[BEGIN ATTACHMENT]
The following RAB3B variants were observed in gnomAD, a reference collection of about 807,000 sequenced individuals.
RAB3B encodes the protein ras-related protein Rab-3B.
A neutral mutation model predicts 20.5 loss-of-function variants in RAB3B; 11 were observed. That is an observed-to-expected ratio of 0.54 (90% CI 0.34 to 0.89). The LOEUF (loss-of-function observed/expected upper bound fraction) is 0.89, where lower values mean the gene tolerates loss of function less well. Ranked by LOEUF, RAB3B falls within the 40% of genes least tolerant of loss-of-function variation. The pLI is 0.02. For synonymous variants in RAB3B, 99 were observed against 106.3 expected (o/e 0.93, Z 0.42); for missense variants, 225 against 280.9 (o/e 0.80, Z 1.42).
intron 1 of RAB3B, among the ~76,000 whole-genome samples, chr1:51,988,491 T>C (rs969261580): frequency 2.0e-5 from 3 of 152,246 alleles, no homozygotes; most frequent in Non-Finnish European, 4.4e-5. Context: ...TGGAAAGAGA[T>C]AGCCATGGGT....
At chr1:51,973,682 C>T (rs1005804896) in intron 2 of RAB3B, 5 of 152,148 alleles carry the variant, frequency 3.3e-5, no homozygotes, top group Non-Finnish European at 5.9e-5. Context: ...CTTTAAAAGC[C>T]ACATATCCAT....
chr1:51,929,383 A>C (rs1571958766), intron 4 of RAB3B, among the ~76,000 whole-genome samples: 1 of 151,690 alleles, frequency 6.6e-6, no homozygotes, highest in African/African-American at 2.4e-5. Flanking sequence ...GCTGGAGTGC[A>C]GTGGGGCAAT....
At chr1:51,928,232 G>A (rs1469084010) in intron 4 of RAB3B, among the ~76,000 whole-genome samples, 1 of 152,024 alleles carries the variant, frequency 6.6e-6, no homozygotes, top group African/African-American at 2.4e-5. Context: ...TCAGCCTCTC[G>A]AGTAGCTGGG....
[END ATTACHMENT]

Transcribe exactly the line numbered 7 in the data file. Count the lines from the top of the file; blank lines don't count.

At chr1:51,928,232 G>A (rs1469084010) in intron 4 of RAB3B, among the ~76,000 whole-genome samples, 1 of 152,024 alleles carries the variant, frequency 6.6e-6, no homozygotes, top group African/African-American at 2.4e-5. Context: ...TCAGCCTCTC[G>A]AGTAGCTGGG....